“Whatever your level of opportunity, you can always raise the level of well-being if you focus on the indicators that matter,” said Yeoh. “The development options that Bhutan has are completely different from ours. But what they do which we don’t is to focus on key indicators.”
Yeoh and Bhaskaran were speaking at the Institute of Policy Studies to a team of Nanyang Technological University journalism students who are heading to Bhutan to report on its economy and society.
The two economists are adjunct senior research fellows at IPS, and were part of the team that penned a groundbreaking policy paper on the need for a new social compact in Singapore.
Bhaskaran said Singapore should not view GDP growth “as the be all and end all”.
“Are we really building the kind of economy that really services the needs of the citizens?,” he asked. He said that an overreliance on multi-national companies (MNCs) had thwarted the development of a homegrown private sector and led to excessive gains from Singapore’s growth leaving the republic’s shores.
“At the end of the day economics…is all about whether you can deliver things to the average guy and make his life meaningful,” he added.
Yeoh refuted criticism that Bhutan’s focus on economic well-being is “romanticised” and impractical for a developed country like Singapore. “Once upon a time in Singapore we had socialised medicine, we had affordable housing, we had an egalitarian education system,” he said. “We had it in Singapore but we lost it in the last twenty years.”
The economists stressed, though, that Bhutan’s specific policies could not be imported wholesale to a developed country like Singapore.
Bhutan has a per capita income of US$6,000, compared with Singapore’s US$49,700.
Perched in the foothills of the inaccessible Himalayas, the kingdom is forced to depend heavily on neighbouring India as an export market and for investments. Yeoh said: “They would like to have a lot of things that we have, they would like to have the MNCs that we have, but maybe they can’t get them”.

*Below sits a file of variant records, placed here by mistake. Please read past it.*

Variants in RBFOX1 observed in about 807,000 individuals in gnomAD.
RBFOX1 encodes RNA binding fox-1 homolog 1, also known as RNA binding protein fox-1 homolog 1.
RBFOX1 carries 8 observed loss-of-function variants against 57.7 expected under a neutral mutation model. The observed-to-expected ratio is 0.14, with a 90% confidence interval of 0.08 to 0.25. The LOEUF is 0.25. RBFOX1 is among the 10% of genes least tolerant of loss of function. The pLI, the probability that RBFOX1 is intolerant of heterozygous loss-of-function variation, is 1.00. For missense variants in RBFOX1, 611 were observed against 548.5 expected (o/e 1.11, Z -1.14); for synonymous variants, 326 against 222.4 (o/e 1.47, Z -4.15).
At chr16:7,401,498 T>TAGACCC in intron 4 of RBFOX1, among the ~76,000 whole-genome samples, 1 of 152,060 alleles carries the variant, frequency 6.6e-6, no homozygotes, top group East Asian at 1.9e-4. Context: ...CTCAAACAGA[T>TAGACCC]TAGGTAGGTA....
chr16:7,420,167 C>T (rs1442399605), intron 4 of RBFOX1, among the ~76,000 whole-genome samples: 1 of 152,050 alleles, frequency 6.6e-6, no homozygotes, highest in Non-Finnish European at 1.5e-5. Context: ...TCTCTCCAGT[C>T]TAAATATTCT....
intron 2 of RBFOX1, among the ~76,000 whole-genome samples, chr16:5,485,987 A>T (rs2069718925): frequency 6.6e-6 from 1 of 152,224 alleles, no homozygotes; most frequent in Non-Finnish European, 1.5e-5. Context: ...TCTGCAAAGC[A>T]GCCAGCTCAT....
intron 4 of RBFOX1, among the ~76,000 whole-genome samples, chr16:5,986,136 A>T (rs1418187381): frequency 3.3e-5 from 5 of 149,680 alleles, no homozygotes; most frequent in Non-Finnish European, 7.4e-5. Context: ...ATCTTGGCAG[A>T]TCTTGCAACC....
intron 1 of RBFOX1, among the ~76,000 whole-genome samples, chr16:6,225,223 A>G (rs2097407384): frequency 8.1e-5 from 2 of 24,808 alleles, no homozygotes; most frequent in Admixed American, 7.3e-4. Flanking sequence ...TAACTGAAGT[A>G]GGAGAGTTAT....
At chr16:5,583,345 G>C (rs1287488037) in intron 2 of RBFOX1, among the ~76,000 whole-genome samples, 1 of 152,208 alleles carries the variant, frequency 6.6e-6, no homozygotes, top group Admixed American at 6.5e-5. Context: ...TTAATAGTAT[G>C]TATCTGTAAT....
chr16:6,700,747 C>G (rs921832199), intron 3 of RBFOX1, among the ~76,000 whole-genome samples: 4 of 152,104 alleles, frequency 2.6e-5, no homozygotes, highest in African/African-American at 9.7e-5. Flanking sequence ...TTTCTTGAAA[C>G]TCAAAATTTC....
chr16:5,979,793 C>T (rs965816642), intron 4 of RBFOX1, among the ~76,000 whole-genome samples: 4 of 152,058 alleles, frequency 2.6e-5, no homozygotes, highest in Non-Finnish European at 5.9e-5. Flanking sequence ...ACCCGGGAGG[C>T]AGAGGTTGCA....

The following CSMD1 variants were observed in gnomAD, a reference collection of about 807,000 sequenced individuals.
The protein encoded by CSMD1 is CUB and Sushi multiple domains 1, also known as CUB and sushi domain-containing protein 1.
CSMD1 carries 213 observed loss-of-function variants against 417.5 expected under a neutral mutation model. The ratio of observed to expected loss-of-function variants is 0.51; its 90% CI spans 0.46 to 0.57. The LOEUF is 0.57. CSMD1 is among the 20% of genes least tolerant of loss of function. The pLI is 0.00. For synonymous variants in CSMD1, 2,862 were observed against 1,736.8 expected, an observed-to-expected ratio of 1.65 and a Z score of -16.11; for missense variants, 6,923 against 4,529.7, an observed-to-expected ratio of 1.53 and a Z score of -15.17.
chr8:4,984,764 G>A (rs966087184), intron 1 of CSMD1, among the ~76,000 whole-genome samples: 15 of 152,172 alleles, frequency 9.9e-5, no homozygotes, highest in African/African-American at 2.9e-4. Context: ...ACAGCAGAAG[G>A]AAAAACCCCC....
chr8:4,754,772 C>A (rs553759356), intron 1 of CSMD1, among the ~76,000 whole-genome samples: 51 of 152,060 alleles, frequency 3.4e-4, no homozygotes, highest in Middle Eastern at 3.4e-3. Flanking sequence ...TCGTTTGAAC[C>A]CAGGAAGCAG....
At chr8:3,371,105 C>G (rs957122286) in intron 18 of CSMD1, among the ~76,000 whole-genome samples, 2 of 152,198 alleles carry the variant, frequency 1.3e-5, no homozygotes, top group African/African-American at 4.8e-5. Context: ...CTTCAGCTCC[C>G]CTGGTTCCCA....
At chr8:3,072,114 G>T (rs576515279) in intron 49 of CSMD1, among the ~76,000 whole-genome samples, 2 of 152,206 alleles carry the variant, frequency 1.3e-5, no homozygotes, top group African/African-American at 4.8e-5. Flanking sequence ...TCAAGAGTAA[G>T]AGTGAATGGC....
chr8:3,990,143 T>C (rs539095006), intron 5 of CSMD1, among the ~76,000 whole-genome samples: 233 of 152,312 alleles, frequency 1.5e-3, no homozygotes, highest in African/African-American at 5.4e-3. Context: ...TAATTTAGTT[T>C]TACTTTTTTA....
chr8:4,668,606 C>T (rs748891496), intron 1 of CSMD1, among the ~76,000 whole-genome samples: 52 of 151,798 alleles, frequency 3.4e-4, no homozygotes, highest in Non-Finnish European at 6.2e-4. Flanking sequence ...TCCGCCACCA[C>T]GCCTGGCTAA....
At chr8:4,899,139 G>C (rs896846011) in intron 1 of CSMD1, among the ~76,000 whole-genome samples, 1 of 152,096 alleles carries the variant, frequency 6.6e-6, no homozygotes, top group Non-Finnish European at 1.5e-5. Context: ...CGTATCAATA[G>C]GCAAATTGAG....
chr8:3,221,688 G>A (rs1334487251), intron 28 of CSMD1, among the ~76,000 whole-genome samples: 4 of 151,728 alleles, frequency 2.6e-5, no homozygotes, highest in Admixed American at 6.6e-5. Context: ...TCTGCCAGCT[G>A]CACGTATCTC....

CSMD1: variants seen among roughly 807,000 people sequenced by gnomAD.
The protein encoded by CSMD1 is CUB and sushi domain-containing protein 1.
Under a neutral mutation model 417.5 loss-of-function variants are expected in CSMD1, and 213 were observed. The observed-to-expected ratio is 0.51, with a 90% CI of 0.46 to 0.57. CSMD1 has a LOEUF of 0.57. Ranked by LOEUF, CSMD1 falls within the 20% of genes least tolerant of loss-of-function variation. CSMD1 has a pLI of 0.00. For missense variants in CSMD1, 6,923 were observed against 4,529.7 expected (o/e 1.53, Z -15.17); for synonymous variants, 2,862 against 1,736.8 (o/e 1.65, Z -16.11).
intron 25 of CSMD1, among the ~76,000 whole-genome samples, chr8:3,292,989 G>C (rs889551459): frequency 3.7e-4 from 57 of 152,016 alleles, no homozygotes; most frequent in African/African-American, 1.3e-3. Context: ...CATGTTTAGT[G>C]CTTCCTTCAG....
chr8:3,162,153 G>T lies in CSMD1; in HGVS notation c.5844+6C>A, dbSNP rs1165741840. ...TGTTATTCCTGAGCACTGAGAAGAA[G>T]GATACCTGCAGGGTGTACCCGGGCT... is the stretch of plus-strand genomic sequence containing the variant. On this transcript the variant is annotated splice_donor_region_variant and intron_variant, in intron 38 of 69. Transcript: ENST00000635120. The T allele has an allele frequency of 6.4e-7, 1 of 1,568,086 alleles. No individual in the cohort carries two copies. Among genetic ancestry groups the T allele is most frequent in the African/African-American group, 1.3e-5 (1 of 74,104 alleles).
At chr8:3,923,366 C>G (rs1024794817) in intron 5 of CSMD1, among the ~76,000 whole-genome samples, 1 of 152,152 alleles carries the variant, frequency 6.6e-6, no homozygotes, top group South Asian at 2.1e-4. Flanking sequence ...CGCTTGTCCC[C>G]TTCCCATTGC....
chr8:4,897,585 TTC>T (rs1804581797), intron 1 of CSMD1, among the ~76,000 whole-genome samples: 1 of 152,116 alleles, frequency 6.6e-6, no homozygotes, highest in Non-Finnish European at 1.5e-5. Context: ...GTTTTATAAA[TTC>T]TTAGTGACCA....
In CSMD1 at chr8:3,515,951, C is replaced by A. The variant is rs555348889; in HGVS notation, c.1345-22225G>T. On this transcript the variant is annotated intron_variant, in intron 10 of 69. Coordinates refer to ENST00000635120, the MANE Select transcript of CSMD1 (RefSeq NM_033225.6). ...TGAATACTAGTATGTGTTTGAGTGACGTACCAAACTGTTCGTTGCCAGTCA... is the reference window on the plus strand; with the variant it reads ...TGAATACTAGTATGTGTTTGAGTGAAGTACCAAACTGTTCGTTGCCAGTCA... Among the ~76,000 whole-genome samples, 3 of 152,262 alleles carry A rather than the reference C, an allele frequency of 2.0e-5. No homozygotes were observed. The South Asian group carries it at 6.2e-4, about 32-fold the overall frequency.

Thus, it is the idea of measuring progress with relevant yardsticks that Singapore can learn from Bhutan, according to Yeoh and Bhaskaran.
In healthcare for example, possible indicators could be the proportion of citizens’ “out of pocket” expenses compared with other developed countries, and the breadth of outreach of public hospitals. Yeoh noted that such targets – instead of looking solely at costs and facilities – would result in more people benefitting from a higher standard of care.
Income inequality was also a relevant measure, he said. Citing The Spirit Level – a book about the social impact of income inequality – he noted that a widening wealth gap was known to lead to various social ills including higher juvenile delinquency, diminished social mobility and shorter life expectancy.
“Singapore is not focusing on the key indicators,” he said.
Comparisons between the two countries are not new. The example of Bhutan was debated in Parliament last year, after opposition MP Sylvia Lim asked if the government would create its own GNH index after co-sponsoring a Bhutan-led UN resolution to make happiness a key development goal.
In response, national development minister Khaw Boon Wan – who had previously visited Bhutan – cautioned against viewing the kingdom as “Shangri-La on earth”. He remarked that the only “happy” people he saw were wealthy tourists, children with “angelic innocence” and foreign volunteers who found meaning in helping the less privileged.
“Most of time, I saw unhappy people, toiling in the field, worried about the next harvest and whether there would be buyers for their products,” he said.
Find out more about the GO-FAR trip to Bhutan at http://www.gofar.sg